Usually the communication isn’t great from these folks and the level of control varies but isn’t that great.

They’re not seeing themselves as necessarily the “control point” of quality but more of a connector.

They leave any kind of order and quality control up to the factory until major problems arise.

Factory Off-Site Sales Offices

Now here’s a grey area.

Some factories only work through this “off-site office”.

This “off-site” office may be an actual part of the factory.

In other words, factory-owned and as much a part of the factory as the factory.

But sometimes these off-site offices are just another form of the above mentioned freelancer.

Confusing, huh?

They are not necessarily the same company but the factory may only work through them.

Perhaps there’s some constraint in the factory’s overseas sales to use this office (ie an English speaking brother-in-law runs it and they feel obliged to give him the sales).

Their factory direct means: pretty much the same thing as real factory direct. If it’s not the actual company, there’s some margin loss but not as much as the trading company or freelancer.

These people sometime take forever for updates and clarity because they may be a good distance from the actual production facility.

If they were located inside of the factory, the updates would be swifter and they’d have more immediate knowledge over the product.

Many times you have to wait for them to physically arrive to the factory for any forward movement or updates.

Sometimes this is only be a few days out of a week.


As much as circumstances allow, your goal as an importer should be buying from a factory.

Most capable factories that you should be working with are able to service foreign buyers.

If a factory isn’t able to export, there may be red flags with their quality systems.

Their “factory direct” means: you are getting pricing as close to the source as possible.

It also grants  you more control in your supply chain.

You have a sales contact who properly communicates and provides better control over the production lines.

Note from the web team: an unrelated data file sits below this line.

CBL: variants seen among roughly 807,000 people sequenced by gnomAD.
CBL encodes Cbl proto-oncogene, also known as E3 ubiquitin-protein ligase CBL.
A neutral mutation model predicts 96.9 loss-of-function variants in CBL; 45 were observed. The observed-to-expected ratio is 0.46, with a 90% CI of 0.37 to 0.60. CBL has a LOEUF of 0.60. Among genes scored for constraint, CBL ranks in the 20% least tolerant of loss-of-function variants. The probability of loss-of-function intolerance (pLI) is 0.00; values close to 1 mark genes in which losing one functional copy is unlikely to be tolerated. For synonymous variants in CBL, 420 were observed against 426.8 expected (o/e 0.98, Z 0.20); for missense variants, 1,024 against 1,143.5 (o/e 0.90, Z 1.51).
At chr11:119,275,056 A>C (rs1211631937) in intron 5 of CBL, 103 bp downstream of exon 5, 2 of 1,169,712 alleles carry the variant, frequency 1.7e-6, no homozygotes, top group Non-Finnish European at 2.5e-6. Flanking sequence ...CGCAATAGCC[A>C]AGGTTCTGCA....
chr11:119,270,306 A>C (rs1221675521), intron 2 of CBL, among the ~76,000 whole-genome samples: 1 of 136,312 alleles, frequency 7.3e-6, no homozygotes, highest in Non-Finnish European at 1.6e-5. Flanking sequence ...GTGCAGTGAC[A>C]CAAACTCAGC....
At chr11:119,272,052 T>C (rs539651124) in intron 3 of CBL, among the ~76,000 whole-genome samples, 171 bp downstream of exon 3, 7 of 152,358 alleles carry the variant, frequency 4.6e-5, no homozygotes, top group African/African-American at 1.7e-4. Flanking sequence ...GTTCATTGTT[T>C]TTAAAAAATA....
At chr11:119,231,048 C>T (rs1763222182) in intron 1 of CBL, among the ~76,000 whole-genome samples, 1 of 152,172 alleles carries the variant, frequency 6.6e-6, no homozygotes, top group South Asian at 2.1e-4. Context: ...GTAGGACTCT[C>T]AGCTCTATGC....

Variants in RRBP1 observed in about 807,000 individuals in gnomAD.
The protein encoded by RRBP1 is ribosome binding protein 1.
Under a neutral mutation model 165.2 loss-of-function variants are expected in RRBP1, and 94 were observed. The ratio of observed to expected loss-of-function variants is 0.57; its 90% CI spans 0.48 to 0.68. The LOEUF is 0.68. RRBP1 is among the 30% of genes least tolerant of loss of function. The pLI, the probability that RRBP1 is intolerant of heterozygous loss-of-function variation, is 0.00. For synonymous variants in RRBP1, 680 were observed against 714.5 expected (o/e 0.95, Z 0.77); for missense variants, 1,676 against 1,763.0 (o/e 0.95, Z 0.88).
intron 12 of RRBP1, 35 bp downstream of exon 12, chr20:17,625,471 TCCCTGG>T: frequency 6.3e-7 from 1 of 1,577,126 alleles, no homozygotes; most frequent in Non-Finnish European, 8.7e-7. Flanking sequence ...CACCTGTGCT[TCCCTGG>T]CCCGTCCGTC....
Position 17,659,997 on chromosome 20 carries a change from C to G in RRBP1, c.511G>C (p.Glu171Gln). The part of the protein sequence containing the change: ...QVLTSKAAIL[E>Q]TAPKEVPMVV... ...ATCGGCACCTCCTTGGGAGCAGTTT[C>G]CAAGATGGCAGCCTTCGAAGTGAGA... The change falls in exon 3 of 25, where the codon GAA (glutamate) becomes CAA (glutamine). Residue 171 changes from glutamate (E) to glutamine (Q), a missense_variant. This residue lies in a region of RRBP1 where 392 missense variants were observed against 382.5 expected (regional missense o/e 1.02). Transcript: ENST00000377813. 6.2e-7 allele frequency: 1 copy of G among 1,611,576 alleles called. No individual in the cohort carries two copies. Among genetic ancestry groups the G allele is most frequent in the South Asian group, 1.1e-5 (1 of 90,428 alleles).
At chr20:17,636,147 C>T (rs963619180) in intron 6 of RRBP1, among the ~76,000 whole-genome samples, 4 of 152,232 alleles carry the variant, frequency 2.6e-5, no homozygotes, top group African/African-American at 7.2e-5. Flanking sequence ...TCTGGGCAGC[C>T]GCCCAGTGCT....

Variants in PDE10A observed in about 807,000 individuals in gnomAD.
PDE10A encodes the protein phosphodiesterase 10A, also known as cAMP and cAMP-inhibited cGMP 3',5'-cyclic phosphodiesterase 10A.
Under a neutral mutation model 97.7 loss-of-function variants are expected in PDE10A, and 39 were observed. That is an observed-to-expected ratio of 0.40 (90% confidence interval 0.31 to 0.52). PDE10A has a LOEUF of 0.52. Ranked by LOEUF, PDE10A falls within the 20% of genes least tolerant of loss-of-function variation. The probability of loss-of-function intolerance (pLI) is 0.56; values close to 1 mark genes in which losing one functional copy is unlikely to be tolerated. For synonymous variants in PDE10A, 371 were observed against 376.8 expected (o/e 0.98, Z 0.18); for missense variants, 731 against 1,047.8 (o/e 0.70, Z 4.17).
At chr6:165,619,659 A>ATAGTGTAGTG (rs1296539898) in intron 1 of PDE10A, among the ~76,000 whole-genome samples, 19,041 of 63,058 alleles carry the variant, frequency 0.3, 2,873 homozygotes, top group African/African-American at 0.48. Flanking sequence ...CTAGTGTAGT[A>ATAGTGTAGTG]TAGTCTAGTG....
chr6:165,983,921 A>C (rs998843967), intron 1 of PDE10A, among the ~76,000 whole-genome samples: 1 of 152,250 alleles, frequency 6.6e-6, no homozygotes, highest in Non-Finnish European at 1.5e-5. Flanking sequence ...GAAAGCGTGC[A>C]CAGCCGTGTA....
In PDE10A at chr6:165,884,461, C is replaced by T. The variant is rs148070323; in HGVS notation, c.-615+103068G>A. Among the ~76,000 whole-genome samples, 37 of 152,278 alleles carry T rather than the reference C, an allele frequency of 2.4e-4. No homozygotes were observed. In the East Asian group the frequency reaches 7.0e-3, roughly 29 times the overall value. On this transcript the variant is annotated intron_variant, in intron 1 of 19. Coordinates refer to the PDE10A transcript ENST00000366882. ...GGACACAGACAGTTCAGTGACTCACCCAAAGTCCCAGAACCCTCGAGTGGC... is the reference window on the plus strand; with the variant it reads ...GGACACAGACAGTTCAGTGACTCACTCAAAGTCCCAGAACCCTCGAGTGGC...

Generally this salesperson is more knowledgeable over the in’s and out’s of the product than your contact in a trade company.

A few caveats for smaller factories:

  • Some factories that work tightly with those off-site sales offices may actually quote you higher than the off-site sales office. If the factory doesn’t have the abilities or confidence to handle overseas buyers, they may charge more to cover any “unknowns.”
  • Occasionally they’ll pitch you back to that offsite office or that freelancer if it’s family related and they feel they owe the “commission kickback” to their relative.
  • If a factory is busy and their work load is too much, they will outsource part of your work to sub-factory contractors. You may not know this until later on, or until you see inconsistencies in quality or color or whatever the case may be.

(with including 3rd party vendors, this can get more in-depth but for the sake of an already long blog post, I’m going to leave it there).

Ultimately it’s your responsibility to know who manufactures your merchandise.

It’s YOU that imports the goods.

It’s your name connected with it.

It’s another layer of effort that precise importing requires.

It pays off in you having better control over your overseas projects.